Law Offices of Janet J. Greathouse
Immigration and Nationality Law
DOL Affirms Administrative Determination of Back Wages

An administrative law judge recently found that
employment began upon approval of (rather than the filing of) an H1B petition.  As a result, a California employer was held liable for back wages.

Nalinabai Chelladurai, who was working in Los Angeles with an
H1B visa, was laid off from her job in December 2000.  Infinite Solutions, Inc. agreed to file an H1B petition on behalf of Ms. Chelladurai, and she moved to Sacramento.  Infinite Solutions submitted a Labor Condition Application (LCA) stating that Ms. Chelladurai would be hired as a senior programmer analyst with the expected annual salary of $65,000.  The LCA was approved effective April 9, 2001.

After relocating, Ms. Chelladurai engaged in activities aimed at finding work, including sending e-mails, interviewing and taking a computer course.  On May 21, 2001, Infinite Solutions "terminated" her employment.  Ms. Chelladurai filed a complaint with the U.S. Department of Labor, claiming that she was not paid wages, as required by the approved LCA.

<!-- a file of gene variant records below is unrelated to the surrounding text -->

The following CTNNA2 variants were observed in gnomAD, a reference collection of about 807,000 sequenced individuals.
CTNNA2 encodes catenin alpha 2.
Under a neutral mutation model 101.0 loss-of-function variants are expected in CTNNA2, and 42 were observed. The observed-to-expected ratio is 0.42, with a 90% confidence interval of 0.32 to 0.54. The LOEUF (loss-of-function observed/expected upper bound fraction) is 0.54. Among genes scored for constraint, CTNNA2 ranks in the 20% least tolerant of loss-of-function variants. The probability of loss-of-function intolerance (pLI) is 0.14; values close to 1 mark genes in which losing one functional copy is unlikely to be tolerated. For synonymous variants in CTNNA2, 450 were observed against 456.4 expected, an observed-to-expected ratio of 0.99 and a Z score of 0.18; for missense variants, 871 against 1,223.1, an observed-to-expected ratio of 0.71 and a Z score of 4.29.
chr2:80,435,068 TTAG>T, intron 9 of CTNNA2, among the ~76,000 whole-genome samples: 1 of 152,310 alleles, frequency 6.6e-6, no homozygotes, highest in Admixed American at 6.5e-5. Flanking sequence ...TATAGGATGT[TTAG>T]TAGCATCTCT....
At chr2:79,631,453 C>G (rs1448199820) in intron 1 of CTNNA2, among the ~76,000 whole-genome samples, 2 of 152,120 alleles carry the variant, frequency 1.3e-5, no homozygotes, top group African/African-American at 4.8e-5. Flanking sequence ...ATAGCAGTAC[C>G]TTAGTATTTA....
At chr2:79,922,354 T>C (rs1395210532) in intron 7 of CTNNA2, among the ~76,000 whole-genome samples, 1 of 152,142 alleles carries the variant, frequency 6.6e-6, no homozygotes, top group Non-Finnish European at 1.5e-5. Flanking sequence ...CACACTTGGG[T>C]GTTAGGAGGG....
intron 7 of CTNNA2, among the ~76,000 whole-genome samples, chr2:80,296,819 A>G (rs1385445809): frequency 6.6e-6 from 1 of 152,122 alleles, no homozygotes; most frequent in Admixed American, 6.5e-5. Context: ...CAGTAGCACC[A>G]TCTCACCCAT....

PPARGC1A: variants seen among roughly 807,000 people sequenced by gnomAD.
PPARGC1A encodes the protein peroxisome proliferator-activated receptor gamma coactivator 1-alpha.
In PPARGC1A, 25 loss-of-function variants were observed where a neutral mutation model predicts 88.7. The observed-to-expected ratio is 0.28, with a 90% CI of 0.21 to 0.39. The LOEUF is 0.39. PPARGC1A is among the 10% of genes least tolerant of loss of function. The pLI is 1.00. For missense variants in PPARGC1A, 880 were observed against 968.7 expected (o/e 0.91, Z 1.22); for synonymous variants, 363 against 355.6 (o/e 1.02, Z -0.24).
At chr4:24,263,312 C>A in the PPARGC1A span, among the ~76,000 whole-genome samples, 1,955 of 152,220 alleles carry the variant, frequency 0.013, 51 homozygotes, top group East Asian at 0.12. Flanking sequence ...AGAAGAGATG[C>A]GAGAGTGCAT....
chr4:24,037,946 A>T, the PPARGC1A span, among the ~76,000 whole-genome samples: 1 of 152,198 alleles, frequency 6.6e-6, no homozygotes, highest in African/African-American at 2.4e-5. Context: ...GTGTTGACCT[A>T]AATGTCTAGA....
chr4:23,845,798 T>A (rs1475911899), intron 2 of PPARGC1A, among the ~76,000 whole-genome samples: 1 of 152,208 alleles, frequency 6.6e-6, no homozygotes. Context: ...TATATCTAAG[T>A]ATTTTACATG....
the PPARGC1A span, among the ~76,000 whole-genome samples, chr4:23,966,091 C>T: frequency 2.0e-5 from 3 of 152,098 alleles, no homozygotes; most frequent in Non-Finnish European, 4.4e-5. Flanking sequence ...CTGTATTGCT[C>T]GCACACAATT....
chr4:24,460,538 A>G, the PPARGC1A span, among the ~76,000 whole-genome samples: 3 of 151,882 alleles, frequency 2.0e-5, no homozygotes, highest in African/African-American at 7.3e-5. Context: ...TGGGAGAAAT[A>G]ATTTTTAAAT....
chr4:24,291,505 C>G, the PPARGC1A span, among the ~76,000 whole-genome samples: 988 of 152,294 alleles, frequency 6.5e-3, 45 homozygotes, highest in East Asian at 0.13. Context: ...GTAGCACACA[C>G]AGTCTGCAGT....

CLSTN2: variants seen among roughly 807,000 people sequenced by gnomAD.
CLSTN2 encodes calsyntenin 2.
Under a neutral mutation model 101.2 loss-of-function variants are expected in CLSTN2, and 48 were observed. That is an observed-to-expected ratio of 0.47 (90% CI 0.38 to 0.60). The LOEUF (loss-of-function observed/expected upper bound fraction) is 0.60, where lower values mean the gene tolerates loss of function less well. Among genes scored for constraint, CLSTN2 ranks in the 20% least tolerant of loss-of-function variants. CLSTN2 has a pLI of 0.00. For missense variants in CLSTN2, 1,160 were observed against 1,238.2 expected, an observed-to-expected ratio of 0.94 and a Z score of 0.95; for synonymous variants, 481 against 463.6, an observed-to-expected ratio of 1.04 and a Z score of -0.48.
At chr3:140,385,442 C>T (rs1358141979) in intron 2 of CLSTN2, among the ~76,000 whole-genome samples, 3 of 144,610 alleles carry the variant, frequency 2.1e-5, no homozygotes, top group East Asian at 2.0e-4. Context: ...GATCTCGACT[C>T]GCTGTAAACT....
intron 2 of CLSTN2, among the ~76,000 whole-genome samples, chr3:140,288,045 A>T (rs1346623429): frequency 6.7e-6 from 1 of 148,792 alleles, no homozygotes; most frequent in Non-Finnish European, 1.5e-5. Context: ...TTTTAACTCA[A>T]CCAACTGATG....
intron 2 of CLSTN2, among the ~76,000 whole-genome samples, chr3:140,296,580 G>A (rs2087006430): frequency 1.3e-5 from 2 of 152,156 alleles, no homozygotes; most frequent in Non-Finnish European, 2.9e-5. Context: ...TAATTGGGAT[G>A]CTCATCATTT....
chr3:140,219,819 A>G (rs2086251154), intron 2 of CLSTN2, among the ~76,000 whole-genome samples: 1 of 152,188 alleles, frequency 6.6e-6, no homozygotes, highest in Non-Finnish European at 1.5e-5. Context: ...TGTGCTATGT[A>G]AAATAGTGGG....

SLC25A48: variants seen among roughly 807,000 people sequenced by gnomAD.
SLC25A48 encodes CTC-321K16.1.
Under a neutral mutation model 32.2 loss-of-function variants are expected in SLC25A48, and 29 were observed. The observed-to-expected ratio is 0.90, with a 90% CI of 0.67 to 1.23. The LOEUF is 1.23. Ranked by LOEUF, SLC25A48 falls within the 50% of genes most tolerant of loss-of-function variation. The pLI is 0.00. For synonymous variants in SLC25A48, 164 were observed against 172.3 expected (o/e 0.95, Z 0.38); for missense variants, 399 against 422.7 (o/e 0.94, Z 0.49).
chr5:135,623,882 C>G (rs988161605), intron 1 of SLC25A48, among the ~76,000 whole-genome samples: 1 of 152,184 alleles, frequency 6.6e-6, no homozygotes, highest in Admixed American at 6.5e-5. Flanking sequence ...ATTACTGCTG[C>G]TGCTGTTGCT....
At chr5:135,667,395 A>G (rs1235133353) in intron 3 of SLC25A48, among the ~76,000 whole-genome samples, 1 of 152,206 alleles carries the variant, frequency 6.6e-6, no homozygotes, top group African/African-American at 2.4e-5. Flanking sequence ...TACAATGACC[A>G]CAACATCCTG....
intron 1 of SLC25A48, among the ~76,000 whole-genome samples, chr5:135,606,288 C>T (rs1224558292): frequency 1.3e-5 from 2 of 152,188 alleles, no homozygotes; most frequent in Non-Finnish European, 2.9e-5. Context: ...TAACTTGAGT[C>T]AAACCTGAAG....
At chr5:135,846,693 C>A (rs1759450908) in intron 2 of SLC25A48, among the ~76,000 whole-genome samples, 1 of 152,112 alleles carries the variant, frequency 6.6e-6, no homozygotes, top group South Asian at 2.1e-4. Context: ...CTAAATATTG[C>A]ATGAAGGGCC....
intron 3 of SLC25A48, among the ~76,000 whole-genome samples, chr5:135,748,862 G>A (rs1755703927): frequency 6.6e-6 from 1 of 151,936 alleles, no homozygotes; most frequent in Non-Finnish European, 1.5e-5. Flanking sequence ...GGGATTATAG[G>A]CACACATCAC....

A wage violation was subsequently found and Infinite Solutions was required to pay Ms. Chelladurai back wages of $2,273.27.  Ms. Chelladurai disputed this amount, arguing that she should have been paid wages from the time that Infinite Solutions filed its
H1B petition (January 3, 2001) rather than when the petition was approved (April 16, 2001).  According to Ms. Chelladurai, the H1B portability provision of the American Competitiveness in the Twenty First Century Act (ACWIA), which allows individuals, in certain circumstances, to accept new employment upon the filing of an H1B petition by a new employer, applied to her case.

The administrative law judge rejected this argument, concluding that there was no "common intent to create, an
employment relationship at any point at least prior to the approval of the H1B application."  The judge found that there was no work available for her at any time, and there was no agreement on her salary as Ms. Chelladurai admitted that she left her salary open for negotiation.  Finally, the judge relied on Infinite Solutions letter submitted with the H1B petitions, which stated that employment will begin "only after approval of this petition and the issuance of an H1B visa."

Concluding that
H1B employment did not begin until the approval of the petition on April 16, 2001, the judge ruled that Infinite Solutions violated regulations requiring payment of wages to an H1B employee in nonproductive status, and ordered that Infinite Solutions be held liable for back wages from the date of approval of the H1B petition until the termination of employment on May 21, 2001.
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